Gateway to Russia: Why NATO fears the Suwalki Gap

The Baltic States have been concerned since the Russian attack on Ukraine.

Gateway to Russia: Why NATO fears the Suwalki Gap

The Baltic States have been concerned since the Russian attack on Ukraine. Lithuania, Latvia and Estonia fear they could become the next targets of Putin's troops. An attack would trigger the NATO alliance, but the strategic military situation is delicate, because the Baltic borders on the "most dangerous place in the world".

Most dangerous place in the world, NATO's Achilles heel, gateway for Russia. With these words the Suwalki gap is called. This is where the western world meets the Russian sphere of influence. The corridor separates Belarus from the westernmost tip of Russia: Kaliningrad.

The Russian exclave is less than 400 kilometers as the crow flies from Germany between Poland and Lithuania. Since the Baltic states of Lithuania, Latvia and Estonia gained independence in 1991, Kaliningrad has been separated from the mother state of Russia. Kaliningrad, as the province and capital of the region are called, is completely surrounded by other countries. Poland lies to the south, Lithuania to the north and east, and the Baltic Sea to the west. There is no land connection to Russia.

That hasn't been a big problem for the past three decades, but Russia's attack on Ukraine has changed the picture. Lithuania, as a member of the EU and NATO, has partially blocked transit traffic of Russian goods to Kaliningrad since June 17. Building materials, steel, metals, coal - the mother state can no longer or hardly deliver all of this to the exclave. Russian trucks and freight trains are stopped at the Lithuanian border. The governor of the exclave says that about half of Russian exports are affected by the transit ban.

The Baltic state says it only blocks goods and people that are on the EU sanctions list. But Russia sees the partial blockade as an "illegal" and "hostile" act. Observers warn that the already tense situation between Russia and the West could escalate over the Kaliningrad issue.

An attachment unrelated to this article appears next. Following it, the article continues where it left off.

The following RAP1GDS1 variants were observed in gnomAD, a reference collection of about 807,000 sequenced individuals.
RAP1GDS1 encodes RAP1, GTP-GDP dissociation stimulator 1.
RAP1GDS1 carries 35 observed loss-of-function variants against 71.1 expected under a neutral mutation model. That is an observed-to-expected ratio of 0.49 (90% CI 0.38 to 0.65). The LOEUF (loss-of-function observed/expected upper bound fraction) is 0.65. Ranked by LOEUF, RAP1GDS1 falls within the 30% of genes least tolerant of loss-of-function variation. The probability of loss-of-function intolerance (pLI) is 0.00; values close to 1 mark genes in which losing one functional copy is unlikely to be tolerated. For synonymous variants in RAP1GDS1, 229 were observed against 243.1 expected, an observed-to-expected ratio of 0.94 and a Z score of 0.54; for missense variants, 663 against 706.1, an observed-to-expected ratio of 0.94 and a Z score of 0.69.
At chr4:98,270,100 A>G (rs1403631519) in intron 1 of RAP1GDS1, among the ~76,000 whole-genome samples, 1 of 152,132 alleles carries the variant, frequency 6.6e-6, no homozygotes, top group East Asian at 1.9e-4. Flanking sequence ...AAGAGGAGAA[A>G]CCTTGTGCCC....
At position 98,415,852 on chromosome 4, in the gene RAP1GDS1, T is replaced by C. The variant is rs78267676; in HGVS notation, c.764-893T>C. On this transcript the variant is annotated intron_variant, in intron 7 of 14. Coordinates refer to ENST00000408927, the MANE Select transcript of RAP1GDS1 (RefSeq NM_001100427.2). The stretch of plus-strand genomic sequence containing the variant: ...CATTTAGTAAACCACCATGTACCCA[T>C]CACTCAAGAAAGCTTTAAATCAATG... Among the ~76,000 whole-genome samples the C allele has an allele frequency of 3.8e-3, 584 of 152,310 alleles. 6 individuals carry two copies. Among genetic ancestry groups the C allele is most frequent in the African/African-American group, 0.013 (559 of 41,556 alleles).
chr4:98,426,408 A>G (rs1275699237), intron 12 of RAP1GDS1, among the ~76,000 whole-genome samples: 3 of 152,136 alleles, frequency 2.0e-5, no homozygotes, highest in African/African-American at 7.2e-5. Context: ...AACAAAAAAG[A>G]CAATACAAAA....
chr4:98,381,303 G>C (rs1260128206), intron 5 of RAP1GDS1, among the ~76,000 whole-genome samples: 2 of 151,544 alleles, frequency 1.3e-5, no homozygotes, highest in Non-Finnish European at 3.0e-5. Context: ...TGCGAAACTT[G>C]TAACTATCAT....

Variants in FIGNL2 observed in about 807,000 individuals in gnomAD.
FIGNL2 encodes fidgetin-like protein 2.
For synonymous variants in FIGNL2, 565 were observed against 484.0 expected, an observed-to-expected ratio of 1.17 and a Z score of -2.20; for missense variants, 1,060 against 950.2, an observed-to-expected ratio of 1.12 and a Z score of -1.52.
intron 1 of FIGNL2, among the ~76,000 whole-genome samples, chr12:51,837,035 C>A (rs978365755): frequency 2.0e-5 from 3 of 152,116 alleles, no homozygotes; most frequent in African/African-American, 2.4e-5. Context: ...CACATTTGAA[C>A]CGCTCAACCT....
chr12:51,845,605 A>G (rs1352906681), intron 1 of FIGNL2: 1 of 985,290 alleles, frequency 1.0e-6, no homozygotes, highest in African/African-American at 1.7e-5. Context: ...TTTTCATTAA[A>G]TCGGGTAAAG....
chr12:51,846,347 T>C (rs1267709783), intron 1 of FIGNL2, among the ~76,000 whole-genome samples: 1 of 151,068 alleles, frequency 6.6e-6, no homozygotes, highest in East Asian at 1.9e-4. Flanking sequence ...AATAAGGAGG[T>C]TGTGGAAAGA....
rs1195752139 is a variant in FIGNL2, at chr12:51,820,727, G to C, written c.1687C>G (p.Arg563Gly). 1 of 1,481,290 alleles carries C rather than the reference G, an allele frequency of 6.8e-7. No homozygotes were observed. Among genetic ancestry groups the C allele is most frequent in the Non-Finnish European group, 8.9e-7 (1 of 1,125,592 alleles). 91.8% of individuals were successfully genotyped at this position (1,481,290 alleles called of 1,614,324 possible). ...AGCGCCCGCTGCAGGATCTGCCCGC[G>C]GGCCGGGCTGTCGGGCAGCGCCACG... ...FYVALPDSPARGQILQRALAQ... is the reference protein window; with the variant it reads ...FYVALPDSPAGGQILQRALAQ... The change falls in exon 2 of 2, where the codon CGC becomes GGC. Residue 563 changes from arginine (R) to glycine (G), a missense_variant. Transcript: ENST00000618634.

In order to defuse the situation, EU representatives have negotiated with Lithuania to suspend the partial blockade. According to "Spiegel", the EU Commission wants to give Kaliningrad a special role in the next few days. According to this, Russia should also be allowed to deliver sanctioned goods back to the exclave in the future, but only as much as before the war. This is intended to prevent Russia from exporting products to other countries on a large scale via Kaliningrad and circumventing EU sanctions.

The EU Commission and states like Germany have thus prevailed against Lithuania in the complicated legal issue. The Federal Government is also of the opinion that transit from Russia to Kaliningrad should not be prevented. Federal Foreign Minister Baerbock said in the ARD "Tagesthemen" that the sanctions had been decided by the European Union and therefore no individual state could decide.

Kaliningrad is about the size of Schleswig-Holstein and only 430,000 people live in the region. Strategically, the oblast is still incredibly valuable for Russia. Moscow has upgraded the former Königsberg militarily. Iskander missiles, which can be equipped with atomic bombs, are stationed in Kaliningrad. Their range is about 500 kilometers. Parts of Germany, Sweden and all of Poland would be possible targets.